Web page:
Important oral arguments before Supreme Court tomorrow, decision in Harris V. Quinn could dramatically help disabled and elderly
Labor unions see the legal challenge as another attempt to weaken their influence and warn the disabled and elderly could pay a heavy price. “This is what they are trying to do: weaken the union,” said Flora Johnson, executive chairwoman of SEIU Healthcare Illinois and Indiana. “Unions will survive but the people with disabilities and other medical disorders, they might never recover. That is why we are fighting.” The case hinges on a Supreme Court precedent that says government employees who work at union workplaces must pay fees for collective bargaining representation, but not for the union’s political activity.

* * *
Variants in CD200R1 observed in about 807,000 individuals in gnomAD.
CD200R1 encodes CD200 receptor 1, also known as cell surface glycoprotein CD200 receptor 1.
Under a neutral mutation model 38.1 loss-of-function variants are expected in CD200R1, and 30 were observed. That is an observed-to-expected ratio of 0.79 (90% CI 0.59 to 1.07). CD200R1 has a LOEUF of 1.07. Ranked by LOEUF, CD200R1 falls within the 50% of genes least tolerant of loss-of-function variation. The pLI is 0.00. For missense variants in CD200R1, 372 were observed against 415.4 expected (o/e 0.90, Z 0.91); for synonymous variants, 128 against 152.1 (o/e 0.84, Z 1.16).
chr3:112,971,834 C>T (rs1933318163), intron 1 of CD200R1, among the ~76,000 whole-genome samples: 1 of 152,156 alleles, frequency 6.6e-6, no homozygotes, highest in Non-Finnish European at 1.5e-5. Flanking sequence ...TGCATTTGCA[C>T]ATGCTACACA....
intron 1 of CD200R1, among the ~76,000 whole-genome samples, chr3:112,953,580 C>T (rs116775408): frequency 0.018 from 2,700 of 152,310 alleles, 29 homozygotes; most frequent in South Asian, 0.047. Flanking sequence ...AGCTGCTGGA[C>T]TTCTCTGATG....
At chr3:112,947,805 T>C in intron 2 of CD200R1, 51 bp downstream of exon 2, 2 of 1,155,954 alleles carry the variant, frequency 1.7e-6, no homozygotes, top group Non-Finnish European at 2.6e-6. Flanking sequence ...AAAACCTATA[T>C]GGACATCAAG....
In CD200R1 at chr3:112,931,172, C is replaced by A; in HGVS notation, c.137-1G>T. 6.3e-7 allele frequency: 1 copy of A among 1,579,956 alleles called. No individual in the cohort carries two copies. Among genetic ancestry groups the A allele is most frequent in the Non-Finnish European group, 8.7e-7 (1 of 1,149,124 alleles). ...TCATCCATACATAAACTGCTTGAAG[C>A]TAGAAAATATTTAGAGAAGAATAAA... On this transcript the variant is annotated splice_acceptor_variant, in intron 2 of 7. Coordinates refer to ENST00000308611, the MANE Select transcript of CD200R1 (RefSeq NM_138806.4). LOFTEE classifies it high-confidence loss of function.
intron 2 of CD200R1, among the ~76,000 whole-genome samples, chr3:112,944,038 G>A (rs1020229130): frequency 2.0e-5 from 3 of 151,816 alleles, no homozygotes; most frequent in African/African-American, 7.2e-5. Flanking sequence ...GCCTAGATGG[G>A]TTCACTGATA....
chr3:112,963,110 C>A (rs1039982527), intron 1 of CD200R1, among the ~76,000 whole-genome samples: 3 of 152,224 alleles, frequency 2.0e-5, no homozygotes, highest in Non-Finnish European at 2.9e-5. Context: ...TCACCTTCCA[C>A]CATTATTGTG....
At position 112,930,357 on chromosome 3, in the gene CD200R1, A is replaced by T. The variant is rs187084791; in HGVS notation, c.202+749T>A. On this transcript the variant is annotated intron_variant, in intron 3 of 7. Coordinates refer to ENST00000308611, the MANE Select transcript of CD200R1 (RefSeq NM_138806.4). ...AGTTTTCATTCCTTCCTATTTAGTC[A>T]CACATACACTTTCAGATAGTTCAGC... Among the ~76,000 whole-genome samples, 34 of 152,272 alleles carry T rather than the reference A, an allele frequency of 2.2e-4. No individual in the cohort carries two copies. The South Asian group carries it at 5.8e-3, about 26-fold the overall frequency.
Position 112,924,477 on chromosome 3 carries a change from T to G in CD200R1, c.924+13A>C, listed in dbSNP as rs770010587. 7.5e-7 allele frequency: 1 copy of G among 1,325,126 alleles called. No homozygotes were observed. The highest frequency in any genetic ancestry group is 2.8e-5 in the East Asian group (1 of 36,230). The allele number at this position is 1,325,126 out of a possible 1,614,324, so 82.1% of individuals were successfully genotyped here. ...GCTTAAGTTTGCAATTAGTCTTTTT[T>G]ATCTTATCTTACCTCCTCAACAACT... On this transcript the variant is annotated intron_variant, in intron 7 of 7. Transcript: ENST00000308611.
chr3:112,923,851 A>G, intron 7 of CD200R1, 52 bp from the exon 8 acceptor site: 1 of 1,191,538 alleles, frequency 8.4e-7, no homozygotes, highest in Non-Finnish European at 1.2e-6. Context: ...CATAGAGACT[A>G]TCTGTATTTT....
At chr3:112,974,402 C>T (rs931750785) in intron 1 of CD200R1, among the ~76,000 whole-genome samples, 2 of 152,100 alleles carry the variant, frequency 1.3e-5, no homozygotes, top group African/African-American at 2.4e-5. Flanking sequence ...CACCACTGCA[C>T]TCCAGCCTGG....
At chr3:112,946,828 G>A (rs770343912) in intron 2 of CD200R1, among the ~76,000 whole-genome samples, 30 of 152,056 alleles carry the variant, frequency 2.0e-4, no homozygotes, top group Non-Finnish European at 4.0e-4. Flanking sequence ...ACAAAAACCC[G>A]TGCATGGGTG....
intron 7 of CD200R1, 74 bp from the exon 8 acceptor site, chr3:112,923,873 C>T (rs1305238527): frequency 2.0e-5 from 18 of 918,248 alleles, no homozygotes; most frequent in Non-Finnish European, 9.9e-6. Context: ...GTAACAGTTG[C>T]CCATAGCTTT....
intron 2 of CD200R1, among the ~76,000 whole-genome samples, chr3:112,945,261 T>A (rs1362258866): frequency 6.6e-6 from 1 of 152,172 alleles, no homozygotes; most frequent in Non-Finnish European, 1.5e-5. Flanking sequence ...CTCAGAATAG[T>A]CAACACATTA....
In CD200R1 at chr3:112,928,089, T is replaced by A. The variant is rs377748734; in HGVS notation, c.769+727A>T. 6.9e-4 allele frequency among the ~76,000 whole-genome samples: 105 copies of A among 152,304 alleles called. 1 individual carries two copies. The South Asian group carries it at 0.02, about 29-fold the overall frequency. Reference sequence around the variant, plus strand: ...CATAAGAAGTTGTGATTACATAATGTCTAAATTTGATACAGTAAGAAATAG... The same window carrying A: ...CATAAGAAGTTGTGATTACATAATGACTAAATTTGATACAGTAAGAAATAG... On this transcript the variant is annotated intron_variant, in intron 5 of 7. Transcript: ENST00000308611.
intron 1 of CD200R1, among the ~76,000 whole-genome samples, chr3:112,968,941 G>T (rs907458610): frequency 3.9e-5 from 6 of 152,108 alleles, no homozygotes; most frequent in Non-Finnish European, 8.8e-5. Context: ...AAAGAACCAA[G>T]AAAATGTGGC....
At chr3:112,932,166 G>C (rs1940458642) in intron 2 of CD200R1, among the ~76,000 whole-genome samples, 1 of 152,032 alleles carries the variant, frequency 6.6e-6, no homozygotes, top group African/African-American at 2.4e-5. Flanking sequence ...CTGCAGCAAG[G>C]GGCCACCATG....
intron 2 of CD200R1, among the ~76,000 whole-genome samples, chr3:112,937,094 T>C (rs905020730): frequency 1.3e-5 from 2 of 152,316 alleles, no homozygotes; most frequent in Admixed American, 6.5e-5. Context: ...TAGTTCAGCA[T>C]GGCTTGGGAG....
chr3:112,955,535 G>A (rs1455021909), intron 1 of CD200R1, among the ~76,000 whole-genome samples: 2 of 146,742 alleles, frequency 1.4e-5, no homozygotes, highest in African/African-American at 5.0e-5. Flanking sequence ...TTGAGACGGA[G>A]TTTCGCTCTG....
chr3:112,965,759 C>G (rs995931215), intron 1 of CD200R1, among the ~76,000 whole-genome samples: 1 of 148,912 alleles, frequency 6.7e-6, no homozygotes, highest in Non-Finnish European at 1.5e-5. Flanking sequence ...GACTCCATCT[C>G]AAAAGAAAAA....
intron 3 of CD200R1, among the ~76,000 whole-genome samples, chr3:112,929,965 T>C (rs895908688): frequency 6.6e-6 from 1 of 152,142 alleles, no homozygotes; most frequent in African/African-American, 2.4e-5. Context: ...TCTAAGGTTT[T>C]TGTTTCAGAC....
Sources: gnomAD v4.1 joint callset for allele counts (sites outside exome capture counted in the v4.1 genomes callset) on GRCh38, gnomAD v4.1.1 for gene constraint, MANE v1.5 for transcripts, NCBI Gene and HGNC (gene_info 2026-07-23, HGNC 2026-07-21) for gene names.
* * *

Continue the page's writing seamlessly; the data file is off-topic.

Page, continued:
If the justices rule that home care workers in Illinois are independent contractors rather than state employees, that could allow workers to opt of union representation and cut back on unions' sway. . . .It is actually pretty amazing that unions are seriously claiming that they are helping out the customers of their services. Unions raise wages and generally lower quality. They raise wages by restricting the number of people in the profession. Quality declines as unionized workers are very difficult to fire.
So how do you think the disabled and the elderly would like lower costs and increased quality for the services that they need?